Tuesday, January 28, 2014

BOOK REVIEW: Maul: Lockdown

I've had the privilege of receiving advance reading copies of several upcoming Star Wars novels and permission to share my thoughts with readers. I will be posting exclusive reviews on Poli-Sci Jedi. Feel free to share, but if you do so please cite Poli-Sci Jedi as the source.

This review is about Star Wars: Maul: Lockdown, due to be released on January 28. The book has been marketed as an adventure starring Maul and an interquel to Darth Plagueis. Enjoy!

Maul: Lockdown was a book I anticipated with a mix of hope and dread. Maul is one of my favorite Prequel characters and I was also excited to see Darth Plagueis again. However, Joe Schreiber is best known to Star Wars fans for his Deathtrooper horror novels, which might suggest that the book would be a shallow bloodfest. While Maul: Lockdown isn’t a perfect Star Wars novel, I was relieved to find that it succeeds more often than it fails.


Joe Schreiber comes to Star Wars from a background in horror novels and as expected this novel is pretty violent. I’d definitely not recommend it for younger readers. The fights are pretty gruesome, not just because of the deaths but graphic detail with which those deaths are depicted. We see prisoners bludgeoning each other to death and even pulling out the bones. I think Schreiber does a decent job setting expectations and pointing out that the prison, Cog Hive Seven, is supposed to be a brutal environment, but, if you’re not into horror and violence, think twice about this book. I found myself barely able to tolerate some scenes.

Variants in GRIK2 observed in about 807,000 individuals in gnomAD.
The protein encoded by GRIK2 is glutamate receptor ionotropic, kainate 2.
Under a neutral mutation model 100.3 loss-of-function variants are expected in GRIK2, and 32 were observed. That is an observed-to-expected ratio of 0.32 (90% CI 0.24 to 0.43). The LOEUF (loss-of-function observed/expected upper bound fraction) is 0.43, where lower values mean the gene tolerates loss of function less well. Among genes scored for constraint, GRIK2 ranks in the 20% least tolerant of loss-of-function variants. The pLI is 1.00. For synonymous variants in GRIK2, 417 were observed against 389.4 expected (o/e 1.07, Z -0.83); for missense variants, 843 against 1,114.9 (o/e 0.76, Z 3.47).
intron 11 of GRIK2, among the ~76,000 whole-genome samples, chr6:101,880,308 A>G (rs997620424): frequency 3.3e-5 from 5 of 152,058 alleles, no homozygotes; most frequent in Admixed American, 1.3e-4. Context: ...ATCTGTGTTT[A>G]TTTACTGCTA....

The plot is fairly basic. Darth Sidious tasks Maul to track down a weapons dealer, Iram Radique, who is allegedly hiding within a prison aboard a space station, Cog Hive Seven. It’s a bit of a contrivance, but that’s how Schreiber manages to get Maul deep inside a prison. If you can accept that stretch, I actually think the idea of throwing Maul into a prison works pretty well. It’s a brutal environment in which everybody is out for him or herself. The dystopian setting almost reminded me of one of Alien 3 (and, yes, there’s even a monstrous alien in Maul: Lockdown that goes around killing prisoners). 

For the first few chapters, Maul: Lockdown seems like it’s going to just focus on a series of fights between Maul and a variety of different opponents. Cog Hive Seven also conveniently forces its prisoners to engage in gladiatorial matches, allowing Schreiber to throw some bloody death matches in there. Fortunately, the novel is more than just death matches. By about halfway through the book, the plot thickens and the search for the weapons dealer is in full force. There’s still plenty of action, but I think Schreiber does a decent job making it serve the story rather than gratuitous violence for violence sake. 

My problems with the book’s plot came more with how it was wrapped up, which I discuss separately in order to avoid spoilers.